Alex Collins is a enterprise Java developer and currently works in the UK. He has worked in the insurance, publishing, telecoms and supply chain. In his spare time he codes in Python, Clojure and Scala (but not at the same time) and enjoys a multitude of sports. His catchphrase is K.I.S.S! Alex has posted 20 posts at DZone. You can read more from them at their website. View Full User Profile


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Jilles Van Gurp replied on Fri, 2010/08/13 - 1:16pm

The notion of a build process assumes that there is something to build and that that something is somehow complicated/tedious/difficult.

This is indeed true for Java but not inherently so. Maven is a workaround, not a solution here (and hardly the best workaround I would argue)

Why do we compile? Because JVMs consume byte code. What language is the compiler written in? Well, Java of course. So why not integrate the compiler with the jvm and just treat the output as something transient and conveniently cacheable? Really, there's no reason for a Java file to be different than a jsp file (which is actually compiled to Java source at run time before being fed into a Java compiler, at run time). Have you ever heard of people pre-compiling jsp files? It's possible but most would consider that a waste of time.

Enter the play framework for Java which reduces the edit/compile/test/package/integration-test/deploy/manual test cycle to : edit, F5 (browser refresh), and run the tests (unit, integration and/or manual) in the browser. It's Java. It's still statically compiled. It just happens to be automated the way it should be. It's not for anyone but it is a nice example of how much simpler our lives could be without maven. Integrating runtime and build tools reduces the build tools to a just in time optimization. If practical you may sometimes want to do that ahead of time but not all of the time.

90% of what maven does is just moving files around. That includes downloading them or creating them, copying them from A to B, archiving them, in some cases unarchiving them, and uploading them to servers. If you are developing that is technically a waste of time that comes out of your very expensive budget of time you have reserved for coding rather than watching the maven console.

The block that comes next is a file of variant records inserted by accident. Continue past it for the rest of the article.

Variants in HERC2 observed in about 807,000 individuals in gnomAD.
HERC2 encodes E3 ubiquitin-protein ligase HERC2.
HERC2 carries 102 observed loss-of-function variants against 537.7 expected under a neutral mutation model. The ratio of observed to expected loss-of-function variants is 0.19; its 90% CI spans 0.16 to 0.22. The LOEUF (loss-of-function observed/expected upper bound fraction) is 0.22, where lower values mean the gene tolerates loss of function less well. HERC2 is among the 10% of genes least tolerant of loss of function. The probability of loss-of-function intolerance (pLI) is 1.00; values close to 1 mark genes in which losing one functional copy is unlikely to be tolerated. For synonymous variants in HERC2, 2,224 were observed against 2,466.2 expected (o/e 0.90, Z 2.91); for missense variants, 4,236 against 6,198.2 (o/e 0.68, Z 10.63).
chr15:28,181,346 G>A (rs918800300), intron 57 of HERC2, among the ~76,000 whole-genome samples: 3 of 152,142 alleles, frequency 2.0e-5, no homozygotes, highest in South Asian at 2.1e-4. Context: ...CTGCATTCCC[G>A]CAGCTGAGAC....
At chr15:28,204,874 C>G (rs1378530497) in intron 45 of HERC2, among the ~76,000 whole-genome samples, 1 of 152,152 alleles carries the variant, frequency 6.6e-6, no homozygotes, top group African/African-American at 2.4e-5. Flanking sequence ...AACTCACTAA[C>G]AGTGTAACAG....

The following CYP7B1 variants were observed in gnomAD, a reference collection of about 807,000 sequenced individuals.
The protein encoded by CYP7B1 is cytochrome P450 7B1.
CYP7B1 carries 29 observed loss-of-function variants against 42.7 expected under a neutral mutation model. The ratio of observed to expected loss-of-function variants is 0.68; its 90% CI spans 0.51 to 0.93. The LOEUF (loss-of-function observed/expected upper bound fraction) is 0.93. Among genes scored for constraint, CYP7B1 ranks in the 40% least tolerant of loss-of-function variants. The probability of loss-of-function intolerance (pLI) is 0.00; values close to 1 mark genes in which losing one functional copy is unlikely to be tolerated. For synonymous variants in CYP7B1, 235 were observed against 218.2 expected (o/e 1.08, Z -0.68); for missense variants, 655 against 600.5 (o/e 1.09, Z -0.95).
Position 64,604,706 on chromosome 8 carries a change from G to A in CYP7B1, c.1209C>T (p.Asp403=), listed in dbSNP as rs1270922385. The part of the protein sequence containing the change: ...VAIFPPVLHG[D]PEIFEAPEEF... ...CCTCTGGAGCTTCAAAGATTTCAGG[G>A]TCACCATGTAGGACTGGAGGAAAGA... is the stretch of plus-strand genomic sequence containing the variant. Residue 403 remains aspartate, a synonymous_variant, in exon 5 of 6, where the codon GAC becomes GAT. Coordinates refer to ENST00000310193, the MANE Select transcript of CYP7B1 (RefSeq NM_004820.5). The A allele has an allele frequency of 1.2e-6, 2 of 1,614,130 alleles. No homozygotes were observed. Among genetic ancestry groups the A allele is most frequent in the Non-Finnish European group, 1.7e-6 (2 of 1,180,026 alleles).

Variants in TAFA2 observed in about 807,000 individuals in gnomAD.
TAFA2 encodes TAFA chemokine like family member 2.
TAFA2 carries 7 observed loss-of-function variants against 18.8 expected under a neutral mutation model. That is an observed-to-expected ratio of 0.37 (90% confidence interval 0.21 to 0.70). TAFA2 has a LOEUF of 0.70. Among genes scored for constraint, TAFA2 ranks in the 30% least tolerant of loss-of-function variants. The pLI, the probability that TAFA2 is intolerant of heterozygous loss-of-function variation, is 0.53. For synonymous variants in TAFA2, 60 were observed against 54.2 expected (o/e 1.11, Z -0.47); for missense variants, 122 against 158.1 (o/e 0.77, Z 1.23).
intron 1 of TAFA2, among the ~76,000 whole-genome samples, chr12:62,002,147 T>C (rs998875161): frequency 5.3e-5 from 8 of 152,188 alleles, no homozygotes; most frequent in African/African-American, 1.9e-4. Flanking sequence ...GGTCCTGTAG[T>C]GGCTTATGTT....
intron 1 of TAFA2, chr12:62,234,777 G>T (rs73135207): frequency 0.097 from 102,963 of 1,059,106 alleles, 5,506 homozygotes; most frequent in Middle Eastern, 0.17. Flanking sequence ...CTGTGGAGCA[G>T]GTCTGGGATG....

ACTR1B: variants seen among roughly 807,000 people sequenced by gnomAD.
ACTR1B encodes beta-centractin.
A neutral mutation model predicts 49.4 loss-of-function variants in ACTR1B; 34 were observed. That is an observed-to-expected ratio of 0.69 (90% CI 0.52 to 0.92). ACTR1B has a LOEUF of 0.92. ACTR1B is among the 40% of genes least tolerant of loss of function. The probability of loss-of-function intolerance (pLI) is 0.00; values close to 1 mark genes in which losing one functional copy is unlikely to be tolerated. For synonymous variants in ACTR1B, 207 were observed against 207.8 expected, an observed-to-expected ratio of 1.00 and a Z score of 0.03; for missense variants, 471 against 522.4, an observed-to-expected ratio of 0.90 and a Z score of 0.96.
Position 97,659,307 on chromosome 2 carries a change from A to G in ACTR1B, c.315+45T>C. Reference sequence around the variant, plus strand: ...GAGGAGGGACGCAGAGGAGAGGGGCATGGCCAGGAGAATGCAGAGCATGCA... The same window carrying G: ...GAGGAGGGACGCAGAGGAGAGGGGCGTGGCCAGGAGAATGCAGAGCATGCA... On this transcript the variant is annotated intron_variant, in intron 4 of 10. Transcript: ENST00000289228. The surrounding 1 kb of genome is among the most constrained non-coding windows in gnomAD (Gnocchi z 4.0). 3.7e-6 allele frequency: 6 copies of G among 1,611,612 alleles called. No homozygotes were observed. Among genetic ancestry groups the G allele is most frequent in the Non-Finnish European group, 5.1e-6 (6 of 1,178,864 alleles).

Get rid of the stupid moving files around and you no longer need rediculously complicated build tools. We need to get rid of the need for build tools. Maven is part of the problem, not the solution.

Alex Collins replied on Sat, 2010/08/14 - 4:58am in response to: Jilles Van Gurp

Thanks for reading.

 The problem with what you're saying is;

  1. You're assuming JSPs are a problem and in fact that this is entirely on the web tier. It isn't.
  2. Pre-compiling JSPs is actually a very useful integration test to ensure changes don't break what's already working. You'd only notice this at runtime otherwise. Granted, few do it.
  3. Maven does a lot more than "moving files around" and without maven doing it seamlessly and unobtrusively for you you'd have to do it yourself. It's not a problem to need a dependency ("file" as you put it) and having to obtain that dependency is part of the development process.

Mladen Girazovski replied on Mon, 2010/08/16 - 2:37am in response to: Alex Collins

Pre-compiling JSPs is actually a very useful integration test to ensure changes don't break what's already working. You'd only notice this at runtime otherwise. Granted, few do it.

There is even a couple of Maven plugins that compile your JSPs, very useful if you want to find out if the JSPs are still compilatbly after refactoring or other changes. No need to include the compiled versions in the war, just compiling them is a valuable safety net that saves time compared with the usual manual testing.


Rick Siskey replied on Thu, 2011/10/27 - 12:13am

Wow, I can see there is conflicting opinion regarding certain issues. But I have to agree that both of them are geniuses on their own right. So keep on debating, who knows you might get something good from it. - Rick Siskey

Rick Siskey replied on Thu, 2011/10/27 - 12:15am

. - Rick Siskey

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